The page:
If you are a person practicing kendo, have you ever dreamed of a total kendo experience?
A happening where you can practice, compete, eat, drink and breathe kendo?
I would say that attending Kyoto Embu Taikai is pretty close to all this.
During three days of early May in beautiful Kyoto you wake up at 5.00 am to take part in the asageiko. As you reach the dojo in Butokuden in Kyoto you will see around 90 8th dan senseis waiting for over 500 eager kendokas to test their skills against the masters. After the morning keiko and breakfast you spend your day by seeing the matches and demonstrations and then you have more keiko. In the evening you will have delicious ramen with your friends and kendo teachers. It’s a true kendo festival.
I have taken part in Kyoto Taikai twice. The first time to participate in this 110 year old tournament was in 2012 when I was a fresh 7th dan holder. I remember being very nervous and bit confused of the system. I was able to win my match but otherwise I was a bit confused. This year 2014 I was able to observe more carefully what was happening. With some more experience this second participation turned out to be one of the most remarkable kendo events I have taken part in my 28 years of kendo.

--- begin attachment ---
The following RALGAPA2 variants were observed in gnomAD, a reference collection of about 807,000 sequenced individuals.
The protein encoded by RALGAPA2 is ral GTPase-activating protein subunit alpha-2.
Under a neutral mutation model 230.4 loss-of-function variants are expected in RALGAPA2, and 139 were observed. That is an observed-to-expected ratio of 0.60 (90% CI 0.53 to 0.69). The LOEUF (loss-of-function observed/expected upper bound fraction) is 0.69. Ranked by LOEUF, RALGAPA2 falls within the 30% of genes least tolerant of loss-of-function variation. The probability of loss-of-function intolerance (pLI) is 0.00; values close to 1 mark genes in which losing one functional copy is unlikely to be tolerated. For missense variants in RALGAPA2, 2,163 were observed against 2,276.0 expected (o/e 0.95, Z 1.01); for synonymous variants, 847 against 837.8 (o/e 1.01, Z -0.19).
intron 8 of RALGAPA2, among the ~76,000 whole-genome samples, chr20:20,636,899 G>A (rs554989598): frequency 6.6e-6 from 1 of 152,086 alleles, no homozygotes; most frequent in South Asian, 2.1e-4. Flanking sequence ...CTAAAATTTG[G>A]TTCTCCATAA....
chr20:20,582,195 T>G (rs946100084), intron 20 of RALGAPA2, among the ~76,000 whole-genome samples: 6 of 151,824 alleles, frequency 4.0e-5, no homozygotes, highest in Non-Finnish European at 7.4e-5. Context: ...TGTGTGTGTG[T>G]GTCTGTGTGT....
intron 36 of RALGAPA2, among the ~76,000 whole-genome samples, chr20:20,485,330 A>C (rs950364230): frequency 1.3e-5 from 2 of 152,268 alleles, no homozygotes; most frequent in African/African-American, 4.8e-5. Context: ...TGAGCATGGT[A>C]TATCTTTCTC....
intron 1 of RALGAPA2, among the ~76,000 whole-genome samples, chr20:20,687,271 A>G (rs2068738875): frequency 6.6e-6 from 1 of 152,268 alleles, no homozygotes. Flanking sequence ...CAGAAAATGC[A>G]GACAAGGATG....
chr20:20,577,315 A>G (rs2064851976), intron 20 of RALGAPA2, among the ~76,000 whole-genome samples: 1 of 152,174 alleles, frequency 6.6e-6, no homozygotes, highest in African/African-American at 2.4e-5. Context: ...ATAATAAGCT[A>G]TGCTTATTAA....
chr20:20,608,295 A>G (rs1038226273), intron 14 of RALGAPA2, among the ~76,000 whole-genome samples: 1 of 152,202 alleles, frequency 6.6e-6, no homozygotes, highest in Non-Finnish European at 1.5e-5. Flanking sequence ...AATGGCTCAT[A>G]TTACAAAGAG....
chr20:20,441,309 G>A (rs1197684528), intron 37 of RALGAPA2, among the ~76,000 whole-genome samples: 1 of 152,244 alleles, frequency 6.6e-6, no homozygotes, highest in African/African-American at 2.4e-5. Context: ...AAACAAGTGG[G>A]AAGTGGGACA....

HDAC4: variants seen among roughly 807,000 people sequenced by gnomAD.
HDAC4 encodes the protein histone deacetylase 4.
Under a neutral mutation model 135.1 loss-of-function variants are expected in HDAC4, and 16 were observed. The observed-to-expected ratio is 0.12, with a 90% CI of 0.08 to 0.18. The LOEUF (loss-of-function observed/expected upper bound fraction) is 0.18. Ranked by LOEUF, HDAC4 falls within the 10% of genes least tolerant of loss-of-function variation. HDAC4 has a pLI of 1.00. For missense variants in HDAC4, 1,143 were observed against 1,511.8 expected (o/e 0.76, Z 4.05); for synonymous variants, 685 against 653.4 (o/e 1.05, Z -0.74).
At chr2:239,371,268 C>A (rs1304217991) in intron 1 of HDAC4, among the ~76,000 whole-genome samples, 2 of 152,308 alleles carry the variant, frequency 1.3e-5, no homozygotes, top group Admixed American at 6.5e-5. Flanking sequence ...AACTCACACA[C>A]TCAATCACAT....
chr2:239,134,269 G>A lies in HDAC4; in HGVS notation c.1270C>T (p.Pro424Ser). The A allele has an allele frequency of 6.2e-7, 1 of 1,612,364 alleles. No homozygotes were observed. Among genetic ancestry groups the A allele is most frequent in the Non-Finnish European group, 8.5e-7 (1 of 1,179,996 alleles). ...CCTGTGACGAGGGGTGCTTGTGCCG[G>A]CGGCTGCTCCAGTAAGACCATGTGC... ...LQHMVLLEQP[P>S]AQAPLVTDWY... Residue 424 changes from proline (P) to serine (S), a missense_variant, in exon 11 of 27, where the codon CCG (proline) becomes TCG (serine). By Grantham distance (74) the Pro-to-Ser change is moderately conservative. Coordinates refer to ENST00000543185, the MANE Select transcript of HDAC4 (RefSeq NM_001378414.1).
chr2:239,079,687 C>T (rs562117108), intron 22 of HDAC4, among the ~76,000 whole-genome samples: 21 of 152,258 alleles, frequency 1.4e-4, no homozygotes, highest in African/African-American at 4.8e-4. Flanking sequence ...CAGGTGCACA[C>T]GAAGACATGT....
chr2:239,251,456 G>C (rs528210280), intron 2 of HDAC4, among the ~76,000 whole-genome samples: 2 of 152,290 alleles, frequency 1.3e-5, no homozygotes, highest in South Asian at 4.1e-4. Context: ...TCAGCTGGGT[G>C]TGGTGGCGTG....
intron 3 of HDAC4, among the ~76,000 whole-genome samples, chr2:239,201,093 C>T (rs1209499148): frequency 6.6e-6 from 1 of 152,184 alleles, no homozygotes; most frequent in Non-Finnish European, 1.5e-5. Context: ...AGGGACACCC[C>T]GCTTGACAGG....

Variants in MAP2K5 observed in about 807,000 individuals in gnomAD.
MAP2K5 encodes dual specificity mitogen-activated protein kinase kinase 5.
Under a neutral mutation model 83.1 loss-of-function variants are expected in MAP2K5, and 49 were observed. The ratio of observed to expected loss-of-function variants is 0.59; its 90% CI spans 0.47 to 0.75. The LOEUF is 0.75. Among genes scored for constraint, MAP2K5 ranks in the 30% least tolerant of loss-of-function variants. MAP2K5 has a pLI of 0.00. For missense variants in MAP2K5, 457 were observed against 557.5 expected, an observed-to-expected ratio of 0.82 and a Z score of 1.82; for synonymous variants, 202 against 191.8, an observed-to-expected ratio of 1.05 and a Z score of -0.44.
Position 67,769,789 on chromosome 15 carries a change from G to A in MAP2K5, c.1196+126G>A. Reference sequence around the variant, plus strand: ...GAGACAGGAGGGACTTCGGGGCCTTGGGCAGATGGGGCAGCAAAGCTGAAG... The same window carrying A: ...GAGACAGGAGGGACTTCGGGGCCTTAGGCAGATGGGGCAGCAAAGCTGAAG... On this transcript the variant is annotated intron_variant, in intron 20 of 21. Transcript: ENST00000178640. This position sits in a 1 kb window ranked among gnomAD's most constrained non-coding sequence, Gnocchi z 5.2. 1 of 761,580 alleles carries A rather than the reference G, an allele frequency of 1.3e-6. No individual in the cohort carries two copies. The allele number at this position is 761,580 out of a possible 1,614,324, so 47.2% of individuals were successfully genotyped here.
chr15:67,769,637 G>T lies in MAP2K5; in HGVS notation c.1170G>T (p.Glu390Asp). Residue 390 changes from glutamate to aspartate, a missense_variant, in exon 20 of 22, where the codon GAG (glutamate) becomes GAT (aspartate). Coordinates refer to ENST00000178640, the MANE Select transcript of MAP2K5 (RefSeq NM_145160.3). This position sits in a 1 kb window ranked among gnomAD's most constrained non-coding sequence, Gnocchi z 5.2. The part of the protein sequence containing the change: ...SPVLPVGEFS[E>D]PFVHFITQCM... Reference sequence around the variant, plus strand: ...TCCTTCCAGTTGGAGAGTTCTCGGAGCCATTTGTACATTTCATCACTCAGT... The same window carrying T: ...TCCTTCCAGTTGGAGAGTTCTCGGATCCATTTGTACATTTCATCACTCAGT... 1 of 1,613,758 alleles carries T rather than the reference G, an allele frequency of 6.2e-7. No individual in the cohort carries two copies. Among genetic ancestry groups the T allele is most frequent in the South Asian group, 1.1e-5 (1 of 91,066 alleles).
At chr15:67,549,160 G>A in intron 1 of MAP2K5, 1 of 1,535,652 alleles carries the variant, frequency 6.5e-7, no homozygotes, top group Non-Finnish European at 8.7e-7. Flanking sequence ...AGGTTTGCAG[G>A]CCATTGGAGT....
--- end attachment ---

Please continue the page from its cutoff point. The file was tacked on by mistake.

We grow and cultivate our skills when we step out of our comfort zone. In kendo this happens by facing new situations where you feel insecure and excited. For me having a match in Kyoto Taikai has been this kind of a place to meet my fears and expectations and to learn how to deal with them. It has been an opportunity and a necessary step to take in order to push my limits further.
However, it is not only your match, that makes Kyoto Taikai special. It is the atmosphere and the people you meet that create an unforgettable event. And of course it is the last day, the “Grande Finale” that makes the difference. This is the day when 8th dan senseis have their matches. The old Butokuden dojo is packed with spectators and the atmosphere is palpable when the hanshi holders clash against each other.
In Kyoto Taikai you are able to see how seamlessly kendo is integrated into everyday life and for a brief moment you can be part of it. You feel the connection to something bigger than yourself. While waiting for your match inside the dimly lit Butokuden, you will feel that you become part of the tradition of kendo. You are standing at the same wide planks of wood where the old masters once stood and had their tachiai.
Then suddenly they will call your name and it is your turn to enter the arena. Now it is your time to do your best and carry on the tradition of kendo forward to future generations. You are following the path.
Markus Frey is graphic designer and 7th dan kendoka living in Helsinki, Finland.
P.S. You can see my Kyoto Embu Taikai match in 2014 here: http://youtu.be/fo117QxPJQg